Takahama (Japan): A vessel under armed guard and loaded with reprocessed nuclear fuel from France arrived at a Japanese port on Thursday, the first such shipment since the Fukushima disaster as utilities lobby to restart their atomic reactors.
The cargo of mixed oxide (MOX), a blend of plutonium and uranium, arrived at the Takahama nuclear plant on the western coast of central Japan in early morning, a journalist said.
The fuel left the French port of Cherbourg in mid April bound for Japan, French nuclear group Areva has said. The vessel was specially fitted to be able to transport nuclear material and was escorted by an armed sister ship.
Its route was not fully disclosed, but the ship was greeted by protesters and national media which captured images of the vessel from land and helicopters overhead.
Dozens of anti-nuclear campaigners voiced their opposition with loudspeakers.
"We do not accept MOX fuel," a protester shouted, wearing full radiation protection gear to make his point.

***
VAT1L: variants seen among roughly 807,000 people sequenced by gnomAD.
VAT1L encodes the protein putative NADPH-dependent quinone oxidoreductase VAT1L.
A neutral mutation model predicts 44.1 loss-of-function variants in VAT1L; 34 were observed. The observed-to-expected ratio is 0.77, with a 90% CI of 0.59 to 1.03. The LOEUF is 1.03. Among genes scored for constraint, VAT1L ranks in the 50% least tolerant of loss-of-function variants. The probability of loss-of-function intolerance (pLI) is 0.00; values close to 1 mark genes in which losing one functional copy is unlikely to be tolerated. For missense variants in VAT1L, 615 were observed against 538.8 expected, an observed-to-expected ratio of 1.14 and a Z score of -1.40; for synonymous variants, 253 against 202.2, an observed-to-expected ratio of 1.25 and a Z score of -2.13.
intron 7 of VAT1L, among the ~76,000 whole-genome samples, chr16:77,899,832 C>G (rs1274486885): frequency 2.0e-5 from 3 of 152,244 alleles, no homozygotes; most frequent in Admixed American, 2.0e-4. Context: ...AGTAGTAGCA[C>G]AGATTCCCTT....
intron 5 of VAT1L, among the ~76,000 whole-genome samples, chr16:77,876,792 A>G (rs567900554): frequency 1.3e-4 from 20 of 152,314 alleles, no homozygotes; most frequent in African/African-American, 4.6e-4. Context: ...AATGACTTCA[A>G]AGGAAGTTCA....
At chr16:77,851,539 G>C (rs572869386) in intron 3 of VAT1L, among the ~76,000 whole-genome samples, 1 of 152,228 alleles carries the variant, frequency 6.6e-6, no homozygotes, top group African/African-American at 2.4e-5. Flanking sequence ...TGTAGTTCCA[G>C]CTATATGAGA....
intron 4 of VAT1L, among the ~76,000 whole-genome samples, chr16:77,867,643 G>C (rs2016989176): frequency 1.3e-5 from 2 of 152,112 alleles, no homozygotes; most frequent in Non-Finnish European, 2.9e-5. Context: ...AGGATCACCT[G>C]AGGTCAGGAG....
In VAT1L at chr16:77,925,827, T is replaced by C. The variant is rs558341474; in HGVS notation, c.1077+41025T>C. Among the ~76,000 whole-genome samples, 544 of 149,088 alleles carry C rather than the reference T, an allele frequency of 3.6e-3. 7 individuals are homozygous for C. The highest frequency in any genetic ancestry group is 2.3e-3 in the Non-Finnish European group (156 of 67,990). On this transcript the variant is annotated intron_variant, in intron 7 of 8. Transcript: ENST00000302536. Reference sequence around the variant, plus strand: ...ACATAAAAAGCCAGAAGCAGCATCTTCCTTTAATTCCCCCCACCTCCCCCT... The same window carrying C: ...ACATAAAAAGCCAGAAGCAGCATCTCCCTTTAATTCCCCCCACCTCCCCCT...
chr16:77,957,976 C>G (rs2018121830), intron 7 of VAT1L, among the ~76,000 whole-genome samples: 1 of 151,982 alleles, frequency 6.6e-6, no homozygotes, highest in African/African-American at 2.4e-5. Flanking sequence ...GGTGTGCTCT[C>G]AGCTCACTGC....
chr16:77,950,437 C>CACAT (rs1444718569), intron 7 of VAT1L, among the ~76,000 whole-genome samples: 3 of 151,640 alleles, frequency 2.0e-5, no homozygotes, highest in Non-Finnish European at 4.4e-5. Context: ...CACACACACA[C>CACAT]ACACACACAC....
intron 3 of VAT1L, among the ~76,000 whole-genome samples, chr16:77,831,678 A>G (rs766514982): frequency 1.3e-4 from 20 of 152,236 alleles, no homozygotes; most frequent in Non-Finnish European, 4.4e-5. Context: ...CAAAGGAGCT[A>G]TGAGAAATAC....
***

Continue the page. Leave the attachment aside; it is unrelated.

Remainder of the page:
Residents of areas hosting Japan`s atomic reactors are deeply divided over nuclear plants. They are often the backbone of regional economies but the memory of Fukushima remains raw two years after the world`s worst nuclear accident in a generation.
Japan has few energy resources of its own and relied on nuclear power for nearly one-third of its domestic electricity needs until the meltdowns at the tsunami-crippled plant.
All but two of the country`s 50 nuclear reactors are offline, shuttered for routine safety checks in the aftermath of the disaster and never restarted because of public resistance and new standards.
Uranium reactors produce a mixture of depleted uranium and plutonium as a by-product of fission.
These can be re-processed into MOX fuel, which can then be used in other reactors to generate more power.
Japan has built its own nuclear fuel reprocessing plant, in northern Aomori prefecture, but its opening has been delayed by a series of minor accidents and technical problems.
This has left Tokyo dependent on other countries -- namely Britain and France -- to deal with the plutonium it has produced.
Plutonium can be diverted for producing nuclear weapons, and there are fears that it could fall into the wrong hands and pose a danger from rogue regimes or extremist organisations.
According to a government report to the International Atomic Energy Agency (IAEA), Japan has about 44.3 tonnes of plutonium, of which 35.0 tonnes are held and being processed in France and Britain, and the rest, 9.3 tonnes is stored in Japan.